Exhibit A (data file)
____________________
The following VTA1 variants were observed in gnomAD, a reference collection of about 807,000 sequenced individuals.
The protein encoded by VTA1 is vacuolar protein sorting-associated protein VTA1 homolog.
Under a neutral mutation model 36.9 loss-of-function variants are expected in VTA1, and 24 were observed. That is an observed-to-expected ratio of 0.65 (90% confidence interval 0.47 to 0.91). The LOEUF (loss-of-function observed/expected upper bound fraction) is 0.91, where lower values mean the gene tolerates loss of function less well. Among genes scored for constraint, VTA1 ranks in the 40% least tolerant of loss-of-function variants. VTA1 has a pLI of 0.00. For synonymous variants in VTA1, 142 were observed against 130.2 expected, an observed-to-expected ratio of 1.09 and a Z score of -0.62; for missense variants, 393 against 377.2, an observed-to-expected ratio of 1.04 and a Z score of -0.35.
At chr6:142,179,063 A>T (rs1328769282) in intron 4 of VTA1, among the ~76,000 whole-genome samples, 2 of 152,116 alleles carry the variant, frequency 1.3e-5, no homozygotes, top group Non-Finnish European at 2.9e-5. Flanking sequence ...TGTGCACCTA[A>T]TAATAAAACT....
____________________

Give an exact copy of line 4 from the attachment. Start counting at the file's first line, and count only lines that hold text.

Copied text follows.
At chr6:142,179,063 A>T (rs1328769282) in intron 4 of VTA1, among the ~76,000 whole-genome samples, 2 of 152,116 alleles carry the variant, frequency 1.3e-5, no homozygotes, top group Non-Finnish European at 2.9e-5. Flanking sequence ...TGTGCACCTA[A>T]TAATAAAACT....